We bring you the gift of unflattening – a shape-shifting provocation

graphic novel

In Lacunae, we want to explore how things appear differently when we look at them in different ways, offering us new perspectives on familiar concepts in our everyday lives.

Unflattening is a doctoral thesis by Nick Sousanis and its format, that of a graphic novel, challenges the traditional form in order to examine the relationship between the word and image.

The invitation to look at the intricacies of an argument through the black and white etchings of a petal are appealing yet because of the representation we are actually forced to reflect differently. This shape-shifting piece of work resonates with what we want to do in academic development. Make us ask questions about our beliefs in the Academy, what constitutes scholarship and what shape it should take in our discipline? And when we talk about our learning and teaching, what form(s) can we use to represent our evidence.

In this blog post Cory Doctorow discusses the doctoral dissertation in graphic novel form: http://mostlysignssomeportents.tumblr.com/post/130485371991/doctoral-dissertation-in-graphic-novel-form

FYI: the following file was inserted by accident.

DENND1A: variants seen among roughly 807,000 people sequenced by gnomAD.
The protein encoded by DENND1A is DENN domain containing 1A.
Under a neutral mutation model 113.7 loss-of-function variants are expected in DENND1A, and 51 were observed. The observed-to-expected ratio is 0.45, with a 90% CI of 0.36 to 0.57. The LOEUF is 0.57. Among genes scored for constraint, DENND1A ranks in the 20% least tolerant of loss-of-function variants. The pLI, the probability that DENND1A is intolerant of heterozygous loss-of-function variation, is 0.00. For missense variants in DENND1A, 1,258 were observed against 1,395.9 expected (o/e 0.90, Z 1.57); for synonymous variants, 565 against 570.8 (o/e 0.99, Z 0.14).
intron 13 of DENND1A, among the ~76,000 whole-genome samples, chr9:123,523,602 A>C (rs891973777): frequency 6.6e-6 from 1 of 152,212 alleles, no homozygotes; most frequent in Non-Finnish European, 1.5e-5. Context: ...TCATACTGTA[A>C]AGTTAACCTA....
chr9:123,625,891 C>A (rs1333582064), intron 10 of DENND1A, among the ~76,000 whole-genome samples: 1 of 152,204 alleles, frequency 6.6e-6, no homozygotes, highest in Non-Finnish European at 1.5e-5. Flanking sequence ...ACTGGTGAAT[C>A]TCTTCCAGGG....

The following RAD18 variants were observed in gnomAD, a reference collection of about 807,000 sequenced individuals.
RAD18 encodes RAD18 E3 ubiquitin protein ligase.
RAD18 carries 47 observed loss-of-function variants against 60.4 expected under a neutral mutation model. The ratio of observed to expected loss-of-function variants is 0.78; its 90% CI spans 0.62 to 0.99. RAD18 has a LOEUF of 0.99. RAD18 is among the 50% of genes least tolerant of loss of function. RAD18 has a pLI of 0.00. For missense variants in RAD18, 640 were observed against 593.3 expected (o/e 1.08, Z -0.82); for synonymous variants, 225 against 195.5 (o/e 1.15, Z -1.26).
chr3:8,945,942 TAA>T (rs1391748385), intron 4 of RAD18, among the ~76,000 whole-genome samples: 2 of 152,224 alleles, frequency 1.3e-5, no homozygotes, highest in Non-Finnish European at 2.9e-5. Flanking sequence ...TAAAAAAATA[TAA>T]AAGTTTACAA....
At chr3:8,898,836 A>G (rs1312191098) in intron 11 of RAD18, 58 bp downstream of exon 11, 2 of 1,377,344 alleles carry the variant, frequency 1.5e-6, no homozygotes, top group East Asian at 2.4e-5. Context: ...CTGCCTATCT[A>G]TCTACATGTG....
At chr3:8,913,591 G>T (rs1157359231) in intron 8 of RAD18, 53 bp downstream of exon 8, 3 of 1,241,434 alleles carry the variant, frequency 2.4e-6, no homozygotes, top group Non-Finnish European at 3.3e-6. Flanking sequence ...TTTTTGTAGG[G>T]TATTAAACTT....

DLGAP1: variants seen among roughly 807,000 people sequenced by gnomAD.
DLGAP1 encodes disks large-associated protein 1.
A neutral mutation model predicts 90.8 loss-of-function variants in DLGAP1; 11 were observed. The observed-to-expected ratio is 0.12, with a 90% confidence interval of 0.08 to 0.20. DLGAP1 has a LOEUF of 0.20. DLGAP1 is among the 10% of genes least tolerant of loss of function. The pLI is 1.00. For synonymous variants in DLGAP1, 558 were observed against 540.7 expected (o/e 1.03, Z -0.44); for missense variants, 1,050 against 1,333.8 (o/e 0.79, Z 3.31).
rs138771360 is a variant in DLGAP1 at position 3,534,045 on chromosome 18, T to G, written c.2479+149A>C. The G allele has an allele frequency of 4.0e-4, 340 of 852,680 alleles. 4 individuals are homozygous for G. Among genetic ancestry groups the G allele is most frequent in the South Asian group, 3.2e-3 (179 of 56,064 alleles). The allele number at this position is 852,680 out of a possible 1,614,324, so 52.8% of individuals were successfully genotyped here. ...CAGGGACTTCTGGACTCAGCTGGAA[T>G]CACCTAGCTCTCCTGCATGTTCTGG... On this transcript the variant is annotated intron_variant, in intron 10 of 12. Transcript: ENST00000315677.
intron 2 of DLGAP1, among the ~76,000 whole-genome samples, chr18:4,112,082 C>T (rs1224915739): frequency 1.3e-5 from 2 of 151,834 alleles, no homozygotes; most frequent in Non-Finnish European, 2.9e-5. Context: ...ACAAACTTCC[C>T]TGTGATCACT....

This post was one of our advent learning and teaching treats. To explore all the other treats click here.

A little more conversation

Thinking Writing
Image kindly provided by Sally Mitchell (QMUL)

This resource comes from the ‘Thinking Writing’ project at QMUL, which explores the relationship between thinking and writing in higher education. It contains some excellent tools for helping students to write better, but I have also found it useful when reflecting on my own writing skills/habits.

It has made me think differently about the importance of conversation in the writing process. Conversations about a piece of writing – either with yourself, your peers or your wider discipline community – can be transformative learning experiences.

However, when we assess, we often deny students the opportunity to have conversations about their writing to develop it. We instruct them not to collude, that their work must be their own. They don’t have the opportunity to consider our feedback and change what they have written, to re-submit and show us what they have actually learned.

If you think about it, the assessment shouldn’t be the end of the learning process. It should be part of an on-going conversation. Some good suggestions for diversifying assessment are provided.